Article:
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Creator of Heaven & Earth

The Beginning of All Things is in God

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11 Sep 2019 (All day)
Creator of Heaven & Earth

“In the beginning God created the heavens and the earth.”

This is how our Bible, the Word of God, starts. These words are so significant, the crew of Apollo 8 read them to the world while orbiting the moon on Christmas Eve in 1968.

Yet the understanding that God is the Creator of the heavens and the earth is the one biblical concept which has come under the sharpest attack in modern times. In fact, many churchgoers today can believe much of what the Bible says, except that He is the Creator.

Not by chance
Since Charles Darwin published his work “On the Origin of Species” in 1859, countless scientists claim to have disproved the Bible and some even say the very existence of God. According to Darwin, ‘survival of the fittest’ was one of the main driving forces of Nature, not an all-creating God. Small changes within species gave one an advantage over the other. By a gradual and random process, these better-adapted species not only survived but eventually dislodged the weaker species.

At the time he proposed this theory, Darwin was unaware that such ‘small changes’ – like gradually growing wings, legs, eyes, etc. – was not just an accidental change in the physiology of a creature, but required a highly complex alteration in the DNA code of an organism. DNA codes are the building blocks for any living being and consist of massive arrays of highly complex molecules. Today, we know that Darwin‘s ‘small changes’ are in reality extremely improbable changes to elaborate systems.

In 2004, microbiologist Doug Axe demonstrated that to accidentally arrange the various elements of a protein called beta-lactamase (an enzyme which confers antibiotic resistance upon bacteria) would need an incredible amount of chance. Axe showed that to rearrange just this one particular enzyme by chance would be a probability of 1/1077. The number 1077 is an incredibly large number: A one followed by 77 zeros. To illustrate just how huge this number is – or how small its probability – consider that there are roughly 1080 atoms in the universe! This means the probability to form just this one protein by chance would be only slightly higher than finding one particular atom from all the particles that exist in the entire Universe; obviously a task infinitely less probable than finding the proverbial needle in the haystac.1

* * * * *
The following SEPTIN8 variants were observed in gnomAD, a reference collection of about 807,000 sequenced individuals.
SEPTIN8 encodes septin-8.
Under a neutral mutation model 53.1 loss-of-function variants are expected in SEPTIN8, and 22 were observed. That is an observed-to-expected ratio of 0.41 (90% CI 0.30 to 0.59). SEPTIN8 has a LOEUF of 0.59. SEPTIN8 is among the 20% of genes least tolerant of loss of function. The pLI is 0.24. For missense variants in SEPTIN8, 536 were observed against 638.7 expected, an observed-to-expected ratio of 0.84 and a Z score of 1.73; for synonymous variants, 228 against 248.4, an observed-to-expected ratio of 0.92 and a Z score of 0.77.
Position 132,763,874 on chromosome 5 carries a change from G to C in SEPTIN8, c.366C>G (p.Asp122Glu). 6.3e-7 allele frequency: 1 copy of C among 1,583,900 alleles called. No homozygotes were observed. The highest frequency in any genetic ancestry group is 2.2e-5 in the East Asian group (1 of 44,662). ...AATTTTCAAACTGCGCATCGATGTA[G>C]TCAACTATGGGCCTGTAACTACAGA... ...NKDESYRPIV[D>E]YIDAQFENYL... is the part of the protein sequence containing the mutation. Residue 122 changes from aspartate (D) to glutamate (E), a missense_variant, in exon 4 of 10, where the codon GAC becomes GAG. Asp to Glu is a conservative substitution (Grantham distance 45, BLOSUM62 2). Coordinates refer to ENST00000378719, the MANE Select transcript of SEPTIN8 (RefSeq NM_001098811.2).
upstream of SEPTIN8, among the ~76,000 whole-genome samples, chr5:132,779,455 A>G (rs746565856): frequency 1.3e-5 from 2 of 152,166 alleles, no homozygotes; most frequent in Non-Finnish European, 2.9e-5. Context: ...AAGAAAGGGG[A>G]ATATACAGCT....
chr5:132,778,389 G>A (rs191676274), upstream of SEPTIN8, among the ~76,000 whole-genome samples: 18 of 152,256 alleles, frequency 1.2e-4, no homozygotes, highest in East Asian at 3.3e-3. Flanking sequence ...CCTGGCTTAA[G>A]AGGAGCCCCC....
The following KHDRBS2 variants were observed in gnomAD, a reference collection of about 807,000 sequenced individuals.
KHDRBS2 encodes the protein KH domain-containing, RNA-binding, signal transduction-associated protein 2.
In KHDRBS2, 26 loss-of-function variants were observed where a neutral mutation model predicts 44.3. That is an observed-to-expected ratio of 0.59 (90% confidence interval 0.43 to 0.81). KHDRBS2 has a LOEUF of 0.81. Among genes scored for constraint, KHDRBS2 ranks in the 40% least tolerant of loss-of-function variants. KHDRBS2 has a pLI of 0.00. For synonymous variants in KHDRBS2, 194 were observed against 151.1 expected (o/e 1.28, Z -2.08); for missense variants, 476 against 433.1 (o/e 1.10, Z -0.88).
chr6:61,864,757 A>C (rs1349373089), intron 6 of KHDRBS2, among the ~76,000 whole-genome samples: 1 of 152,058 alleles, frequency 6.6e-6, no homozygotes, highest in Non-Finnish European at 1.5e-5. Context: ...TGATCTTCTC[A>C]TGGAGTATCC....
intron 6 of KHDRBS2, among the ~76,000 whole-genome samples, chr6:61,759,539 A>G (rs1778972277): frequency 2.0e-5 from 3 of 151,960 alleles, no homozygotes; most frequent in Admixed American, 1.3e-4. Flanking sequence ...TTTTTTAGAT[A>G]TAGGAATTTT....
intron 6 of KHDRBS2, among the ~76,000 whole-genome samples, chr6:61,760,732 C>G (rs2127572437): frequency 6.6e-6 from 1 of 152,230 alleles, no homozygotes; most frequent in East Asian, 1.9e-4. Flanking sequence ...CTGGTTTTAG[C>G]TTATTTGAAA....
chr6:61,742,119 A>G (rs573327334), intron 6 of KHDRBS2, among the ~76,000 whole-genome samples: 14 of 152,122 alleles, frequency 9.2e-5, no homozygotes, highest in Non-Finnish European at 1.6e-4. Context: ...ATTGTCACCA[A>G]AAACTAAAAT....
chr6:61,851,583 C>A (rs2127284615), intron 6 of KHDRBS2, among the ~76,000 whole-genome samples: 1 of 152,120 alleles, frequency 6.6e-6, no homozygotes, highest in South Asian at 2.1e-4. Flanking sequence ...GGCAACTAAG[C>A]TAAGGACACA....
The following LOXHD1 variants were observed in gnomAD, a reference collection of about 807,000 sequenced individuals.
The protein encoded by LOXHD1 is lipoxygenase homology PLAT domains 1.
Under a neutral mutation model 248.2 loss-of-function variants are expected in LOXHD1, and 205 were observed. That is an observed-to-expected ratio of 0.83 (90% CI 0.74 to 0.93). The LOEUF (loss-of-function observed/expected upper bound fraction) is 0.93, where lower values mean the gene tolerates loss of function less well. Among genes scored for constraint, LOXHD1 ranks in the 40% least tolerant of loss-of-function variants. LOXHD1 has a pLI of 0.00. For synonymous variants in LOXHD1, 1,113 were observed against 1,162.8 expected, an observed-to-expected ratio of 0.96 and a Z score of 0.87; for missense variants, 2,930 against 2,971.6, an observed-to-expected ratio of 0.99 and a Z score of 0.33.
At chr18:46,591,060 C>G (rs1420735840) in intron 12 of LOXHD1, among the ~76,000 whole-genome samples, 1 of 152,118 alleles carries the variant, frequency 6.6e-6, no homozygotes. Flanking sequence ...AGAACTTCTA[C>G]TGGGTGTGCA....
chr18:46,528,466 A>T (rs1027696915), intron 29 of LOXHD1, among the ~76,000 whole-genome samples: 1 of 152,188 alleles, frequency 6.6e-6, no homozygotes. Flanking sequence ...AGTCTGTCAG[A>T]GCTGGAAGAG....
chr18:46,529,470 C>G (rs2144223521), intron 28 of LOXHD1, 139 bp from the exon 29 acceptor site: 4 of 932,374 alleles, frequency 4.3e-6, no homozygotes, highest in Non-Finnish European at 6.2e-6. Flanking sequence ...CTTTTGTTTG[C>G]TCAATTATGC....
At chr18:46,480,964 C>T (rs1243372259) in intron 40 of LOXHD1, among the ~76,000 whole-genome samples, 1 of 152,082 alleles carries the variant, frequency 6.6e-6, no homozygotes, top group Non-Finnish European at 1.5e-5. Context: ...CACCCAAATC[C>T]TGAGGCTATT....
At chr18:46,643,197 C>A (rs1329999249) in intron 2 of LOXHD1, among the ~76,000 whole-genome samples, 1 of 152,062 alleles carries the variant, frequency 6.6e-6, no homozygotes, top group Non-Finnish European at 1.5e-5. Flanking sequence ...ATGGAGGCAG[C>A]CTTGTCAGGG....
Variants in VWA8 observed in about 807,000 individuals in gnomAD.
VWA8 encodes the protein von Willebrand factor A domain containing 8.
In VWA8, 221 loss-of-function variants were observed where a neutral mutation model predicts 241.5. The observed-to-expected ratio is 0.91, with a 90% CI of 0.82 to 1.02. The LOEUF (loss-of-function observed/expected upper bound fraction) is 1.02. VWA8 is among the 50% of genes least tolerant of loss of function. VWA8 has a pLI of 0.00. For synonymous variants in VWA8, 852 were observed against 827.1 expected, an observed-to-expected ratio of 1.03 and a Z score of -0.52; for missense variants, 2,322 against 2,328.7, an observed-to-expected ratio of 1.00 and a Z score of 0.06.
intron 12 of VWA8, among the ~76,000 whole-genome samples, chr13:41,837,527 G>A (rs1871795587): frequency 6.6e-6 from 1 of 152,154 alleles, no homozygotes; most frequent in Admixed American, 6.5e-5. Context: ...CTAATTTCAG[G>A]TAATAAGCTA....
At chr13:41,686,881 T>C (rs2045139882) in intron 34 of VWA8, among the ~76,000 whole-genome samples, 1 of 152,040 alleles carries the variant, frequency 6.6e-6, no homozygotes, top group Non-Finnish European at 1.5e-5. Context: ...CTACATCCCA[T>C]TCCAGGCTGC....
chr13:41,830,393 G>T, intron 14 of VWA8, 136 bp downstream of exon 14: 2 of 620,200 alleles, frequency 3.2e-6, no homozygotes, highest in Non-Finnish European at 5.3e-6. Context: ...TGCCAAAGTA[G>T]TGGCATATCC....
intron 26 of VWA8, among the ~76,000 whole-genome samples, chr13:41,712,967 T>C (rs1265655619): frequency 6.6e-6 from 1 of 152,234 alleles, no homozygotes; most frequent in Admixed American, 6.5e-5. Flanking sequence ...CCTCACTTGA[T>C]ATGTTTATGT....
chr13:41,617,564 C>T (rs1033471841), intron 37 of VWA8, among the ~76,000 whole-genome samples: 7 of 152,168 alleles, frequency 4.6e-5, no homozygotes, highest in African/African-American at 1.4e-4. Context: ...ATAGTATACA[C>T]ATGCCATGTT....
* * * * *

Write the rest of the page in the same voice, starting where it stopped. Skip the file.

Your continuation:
There are many more examples from science itself on how improbable life on earth truly is. Scientists today speak about the ‘fine tuning’ of the cosmos or about the ‘Goldilocks theorem’, meaning that our universe on so many levels seems to be incredibly fine-tuned just to make life on earth possible. From the size of the earth, its distance to the sun, the type and size of the sun, the tilt of our planet, etc., everything seems so perfectly tuned to make life on earth possible. Again, the probability that such conditions are found anywhere in the entire known universe is extremely unlikely. 2

All these factors make the notion of evolution by chance scientifically less and less plausible. The odds against it are mounting to such a staggering degree that a whole new theory is being formulated in order to maintain belief in Evolution – and to avoid acceptance of a Creator God.

In May 2007, Eugene Koonin of the National Center for Biotechnology stipulated that our known DNA-based world is inexplainable by current probability models. He thus proposed a totally new approach. But instead of considering the simplest and most logical of all explanations – that there is a omniscient and omnipotent God who created our amazing world – he suggested that since our own universe does not account for all the improbabilities of life on earth, there must exist an endless amount of parallel universes that would explain the infinitesimal chances of life here on earth.

A high view of Man
Years ago, I was discussing science and God with one of my fellow students at the Weizmann Institute. When I submitted to him that he would need more faith to believe in pure chance than I need to believe in the God of the Bible, he laughed. But today, this seems to be truer than ever.